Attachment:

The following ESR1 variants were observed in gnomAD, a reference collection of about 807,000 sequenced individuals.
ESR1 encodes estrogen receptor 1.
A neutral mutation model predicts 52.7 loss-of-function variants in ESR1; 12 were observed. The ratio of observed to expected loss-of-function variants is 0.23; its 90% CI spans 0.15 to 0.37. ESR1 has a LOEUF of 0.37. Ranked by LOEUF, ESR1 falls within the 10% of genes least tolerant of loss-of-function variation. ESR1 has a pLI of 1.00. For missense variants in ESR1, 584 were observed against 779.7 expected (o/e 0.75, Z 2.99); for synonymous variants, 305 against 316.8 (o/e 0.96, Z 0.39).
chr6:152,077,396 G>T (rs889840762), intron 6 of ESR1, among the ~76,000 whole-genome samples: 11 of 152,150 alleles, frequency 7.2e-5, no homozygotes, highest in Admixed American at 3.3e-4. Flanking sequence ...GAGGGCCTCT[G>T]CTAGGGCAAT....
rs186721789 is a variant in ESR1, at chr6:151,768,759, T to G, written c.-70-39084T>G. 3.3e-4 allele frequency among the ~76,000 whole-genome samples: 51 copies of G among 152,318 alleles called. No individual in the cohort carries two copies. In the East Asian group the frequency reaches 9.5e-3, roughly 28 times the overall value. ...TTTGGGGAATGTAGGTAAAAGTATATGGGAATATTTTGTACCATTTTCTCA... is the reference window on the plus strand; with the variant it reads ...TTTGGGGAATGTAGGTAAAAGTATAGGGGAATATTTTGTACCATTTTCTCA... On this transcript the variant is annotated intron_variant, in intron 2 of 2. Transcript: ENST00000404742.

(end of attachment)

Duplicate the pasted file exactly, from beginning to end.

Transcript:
The following ESR1 variants were observed in gnomAD, a reference collection of about 807,000 sequenced individuals.
ESR1 encodes estrogen receptor 1.
A neutral mutation model predicts 52.7 loss-of-function variants in ESR1; 12 were observed. The ratio of observed to expected loss-of-function variants is 0.23; its 90% CI spans 0.15 to 0.37. ESR1 has a LOEUF of 0.37. Ranked by LOEUF, ESR1 falls within the 10% of genes least tolerant of loss-of-function variation. ESR1 has a pLI of 1.00. For missense variants in ESR1, 584 were observed against 779.7 expected (o/e 0.75, Z 2.99); for synonymous variants, 305 against 316.8 (o/e 0.96, Z 0.39).
chr6:152,077,396 G>T (rs889840762), intron 6 of ESR1, among the ~76,000 whole-genome samples: 11 of 152,150 alleles, frequency 7.2e-5, no homozygotes, highest in Admixed American at 3.3e-4. Flanking sequence ...GAGGGCCTCT[G>T]CTAGGGCAAT....
rs186721789 is a variant in ESR1, at chr6:151,768,759, T to G, written c.-70-39084T>G. 3.3e-4 allele frequency among the ~76,000 whole-genome samples: 51 copies of G among 152,318 alleles called. No individual in the cohort carries two copies. In the East Asian group the frequency reaches 9.5e-3, roughly 28 times the overall value. ...TTTGGGGAATGTAGGTAAAAGTATATGGGAATATTTTGTACCATTTTCTCA... is the reference window on the plus strand; with the variant it reads ...TTTGGGGAATGTAGGTAAAAGTATAGGGGAATATTTTGTACCATTTTCTCA... On this transcript the variant is annotated intron_variant, in intron 2 of 2. Transcript: ENST00000404742.